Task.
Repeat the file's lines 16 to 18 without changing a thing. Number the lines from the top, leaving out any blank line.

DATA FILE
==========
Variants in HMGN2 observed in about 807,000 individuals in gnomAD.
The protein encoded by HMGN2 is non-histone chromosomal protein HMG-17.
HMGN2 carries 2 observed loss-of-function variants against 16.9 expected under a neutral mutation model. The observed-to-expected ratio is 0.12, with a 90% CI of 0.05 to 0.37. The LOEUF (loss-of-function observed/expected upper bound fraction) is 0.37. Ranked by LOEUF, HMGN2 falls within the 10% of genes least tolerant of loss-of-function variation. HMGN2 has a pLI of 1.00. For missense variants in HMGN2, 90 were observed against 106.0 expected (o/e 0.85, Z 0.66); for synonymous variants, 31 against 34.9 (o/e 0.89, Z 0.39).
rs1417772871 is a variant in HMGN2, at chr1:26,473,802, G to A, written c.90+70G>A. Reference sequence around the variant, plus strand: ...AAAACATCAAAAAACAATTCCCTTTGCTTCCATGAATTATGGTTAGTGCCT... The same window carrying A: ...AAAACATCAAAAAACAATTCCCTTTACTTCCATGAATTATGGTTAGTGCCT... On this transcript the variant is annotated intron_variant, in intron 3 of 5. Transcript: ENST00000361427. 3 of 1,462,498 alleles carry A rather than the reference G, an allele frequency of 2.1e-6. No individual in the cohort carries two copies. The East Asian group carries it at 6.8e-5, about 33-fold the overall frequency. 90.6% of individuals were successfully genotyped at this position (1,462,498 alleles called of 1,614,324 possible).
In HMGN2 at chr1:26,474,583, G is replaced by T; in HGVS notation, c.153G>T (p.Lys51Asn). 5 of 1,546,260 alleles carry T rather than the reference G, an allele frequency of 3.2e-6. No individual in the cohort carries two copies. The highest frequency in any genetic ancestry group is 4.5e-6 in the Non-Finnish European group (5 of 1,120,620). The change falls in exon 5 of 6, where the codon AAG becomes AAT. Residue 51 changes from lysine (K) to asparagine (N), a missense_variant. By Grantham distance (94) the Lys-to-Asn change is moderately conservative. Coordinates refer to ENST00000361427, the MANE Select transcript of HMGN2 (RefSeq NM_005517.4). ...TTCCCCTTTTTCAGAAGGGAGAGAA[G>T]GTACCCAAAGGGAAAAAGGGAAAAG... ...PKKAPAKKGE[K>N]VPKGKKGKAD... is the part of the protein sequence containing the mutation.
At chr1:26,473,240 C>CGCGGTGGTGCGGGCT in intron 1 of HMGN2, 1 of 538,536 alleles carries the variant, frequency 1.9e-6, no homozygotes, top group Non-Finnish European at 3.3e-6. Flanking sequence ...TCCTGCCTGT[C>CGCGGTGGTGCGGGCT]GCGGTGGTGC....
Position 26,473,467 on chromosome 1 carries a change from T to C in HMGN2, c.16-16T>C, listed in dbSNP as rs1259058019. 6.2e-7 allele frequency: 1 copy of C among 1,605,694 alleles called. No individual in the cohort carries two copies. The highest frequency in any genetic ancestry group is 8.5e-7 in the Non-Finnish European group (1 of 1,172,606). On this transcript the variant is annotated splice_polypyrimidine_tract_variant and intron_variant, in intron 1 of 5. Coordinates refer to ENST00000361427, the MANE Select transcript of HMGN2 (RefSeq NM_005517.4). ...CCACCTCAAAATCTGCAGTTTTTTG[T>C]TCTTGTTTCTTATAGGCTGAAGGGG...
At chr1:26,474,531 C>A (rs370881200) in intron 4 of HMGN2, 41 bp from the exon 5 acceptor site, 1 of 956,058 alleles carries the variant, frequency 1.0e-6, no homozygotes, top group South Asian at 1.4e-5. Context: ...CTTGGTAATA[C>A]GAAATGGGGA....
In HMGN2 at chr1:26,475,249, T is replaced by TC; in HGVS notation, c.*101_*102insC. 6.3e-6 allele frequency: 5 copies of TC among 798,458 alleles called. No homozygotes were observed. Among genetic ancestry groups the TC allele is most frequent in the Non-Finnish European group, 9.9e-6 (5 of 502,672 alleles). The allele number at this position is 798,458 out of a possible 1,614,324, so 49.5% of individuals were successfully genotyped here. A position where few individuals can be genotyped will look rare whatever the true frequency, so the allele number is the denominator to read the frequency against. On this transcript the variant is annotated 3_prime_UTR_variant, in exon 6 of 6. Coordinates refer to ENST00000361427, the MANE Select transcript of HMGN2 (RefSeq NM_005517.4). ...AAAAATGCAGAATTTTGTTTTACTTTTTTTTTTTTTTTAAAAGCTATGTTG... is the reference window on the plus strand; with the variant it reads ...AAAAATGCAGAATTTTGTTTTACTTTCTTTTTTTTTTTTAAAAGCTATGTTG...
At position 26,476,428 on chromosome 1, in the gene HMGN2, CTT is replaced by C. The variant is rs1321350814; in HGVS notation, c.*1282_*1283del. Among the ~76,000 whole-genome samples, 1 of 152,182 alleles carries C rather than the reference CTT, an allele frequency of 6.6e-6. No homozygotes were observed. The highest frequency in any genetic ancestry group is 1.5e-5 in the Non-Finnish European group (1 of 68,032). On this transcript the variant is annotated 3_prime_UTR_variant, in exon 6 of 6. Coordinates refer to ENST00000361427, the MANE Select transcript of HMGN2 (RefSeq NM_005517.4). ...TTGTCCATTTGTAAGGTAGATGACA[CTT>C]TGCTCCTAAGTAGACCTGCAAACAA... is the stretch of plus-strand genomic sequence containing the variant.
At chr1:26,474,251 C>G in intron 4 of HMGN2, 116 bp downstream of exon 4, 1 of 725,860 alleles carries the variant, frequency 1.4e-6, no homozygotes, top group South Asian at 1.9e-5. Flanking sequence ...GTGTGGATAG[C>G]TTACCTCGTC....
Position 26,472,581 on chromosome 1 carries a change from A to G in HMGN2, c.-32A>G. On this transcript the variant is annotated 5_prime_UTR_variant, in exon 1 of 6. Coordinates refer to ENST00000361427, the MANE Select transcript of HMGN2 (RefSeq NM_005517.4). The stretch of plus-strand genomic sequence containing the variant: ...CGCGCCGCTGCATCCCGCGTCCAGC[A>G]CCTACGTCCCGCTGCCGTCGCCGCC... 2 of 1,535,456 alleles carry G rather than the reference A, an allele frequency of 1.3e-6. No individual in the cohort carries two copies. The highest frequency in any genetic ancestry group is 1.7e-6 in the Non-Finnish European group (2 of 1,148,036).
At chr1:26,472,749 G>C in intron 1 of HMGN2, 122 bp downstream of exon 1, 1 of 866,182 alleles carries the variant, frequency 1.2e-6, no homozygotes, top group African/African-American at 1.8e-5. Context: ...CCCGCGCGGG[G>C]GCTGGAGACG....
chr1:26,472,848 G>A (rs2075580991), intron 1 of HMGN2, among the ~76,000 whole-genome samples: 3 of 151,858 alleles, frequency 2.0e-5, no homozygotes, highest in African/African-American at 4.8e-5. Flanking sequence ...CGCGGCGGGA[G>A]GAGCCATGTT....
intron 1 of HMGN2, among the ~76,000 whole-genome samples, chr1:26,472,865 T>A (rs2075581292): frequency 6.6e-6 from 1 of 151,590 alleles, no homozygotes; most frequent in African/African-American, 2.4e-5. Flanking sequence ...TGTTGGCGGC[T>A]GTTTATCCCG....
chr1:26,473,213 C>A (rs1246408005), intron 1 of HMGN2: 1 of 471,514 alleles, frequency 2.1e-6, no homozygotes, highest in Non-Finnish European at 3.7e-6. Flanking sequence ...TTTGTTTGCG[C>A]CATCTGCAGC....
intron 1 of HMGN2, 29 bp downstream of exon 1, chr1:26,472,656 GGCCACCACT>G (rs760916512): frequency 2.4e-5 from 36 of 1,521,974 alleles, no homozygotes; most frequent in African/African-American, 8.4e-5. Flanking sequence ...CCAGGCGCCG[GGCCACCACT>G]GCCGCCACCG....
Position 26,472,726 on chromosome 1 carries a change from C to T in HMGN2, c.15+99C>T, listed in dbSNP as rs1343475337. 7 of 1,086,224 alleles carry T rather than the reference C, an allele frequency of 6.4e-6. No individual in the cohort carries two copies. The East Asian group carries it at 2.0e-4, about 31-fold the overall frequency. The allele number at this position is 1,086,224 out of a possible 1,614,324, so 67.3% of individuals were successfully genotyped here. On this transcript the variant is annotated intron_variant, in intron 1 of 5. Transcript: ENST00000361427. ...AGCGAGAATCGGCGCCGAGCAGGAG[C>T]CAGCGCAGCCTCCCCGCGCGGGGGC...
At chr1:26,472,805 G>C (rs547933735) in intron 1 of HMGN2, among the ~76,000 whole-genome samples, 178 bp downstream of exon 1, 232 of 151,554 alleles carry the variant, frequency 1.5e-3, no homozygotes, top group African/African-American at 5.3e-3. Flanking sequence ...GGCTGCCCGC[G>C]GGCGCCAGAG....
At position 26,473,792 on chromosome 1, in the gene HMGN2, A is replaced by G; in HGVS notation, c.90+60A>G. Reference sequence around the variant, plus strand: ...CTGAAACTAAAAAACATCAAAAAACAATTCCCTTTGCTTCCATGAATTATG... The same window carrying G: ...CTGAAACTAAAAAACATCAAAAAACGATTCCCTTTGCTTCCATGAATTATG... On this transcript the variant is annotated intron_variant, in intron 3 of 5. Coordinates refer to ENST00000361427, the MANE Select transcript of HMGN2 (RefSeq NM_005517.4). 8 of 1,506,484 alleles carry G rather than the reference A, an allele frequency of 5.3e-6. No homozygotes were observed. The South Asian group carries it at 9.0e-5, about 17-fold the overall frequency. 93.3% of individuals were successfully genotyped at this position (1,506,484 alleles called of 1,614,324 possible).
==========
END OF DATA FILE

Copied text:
chr1:26,473,213 C>A (rs1246408005), intron 1 of HMGN2: 1 of 471,514 alleles, frequency 2.1e-6, no homozygotes, highest in Non-Finnish European at 3.7e-6. Flanking sequence ...TTTGTTTGCG[C>A]CATCTGCAGC....
intron 1 of HMGN2, 29 bp downstream of exon 1, chr1:26,472,656 GGCCACCACT>G (rs760916512): frequency 2.4e-5 from 36 of 1,521,974 alleles, no homozygotes; most frequent in African/African-American, 8.4e-5. Flanking sequence ...CCAGGCGCCG[GGCCACCACT>G]GCCGCCACCG....
Position 26,472,726 on chromosome 1 carries a change from C to T in HMGN2, c.15+99C>T, listed in dbSNP as rs1343475337. 7 of 1,086,224 alleles carry T rather than the reference C, an allele frequency of 6.4e-6. No individual in the cohort carries two copies. The East Asian group carries it at 2.0e-4, about 31-fold the overall frequency. The allele number at this position is 1,086,224 out of a possible 1,614,324, so 67.3% of individuals were successfully genotyped here. On this transcript the variant is annotated intron_variant, in intron 1 of 5. Transcript: ENST00000361427. ...AGCGAGAATCGGCGCCGAGCAGGAG[C>T]CAGCGCAGCCTCCCCGCGCGGGGGC...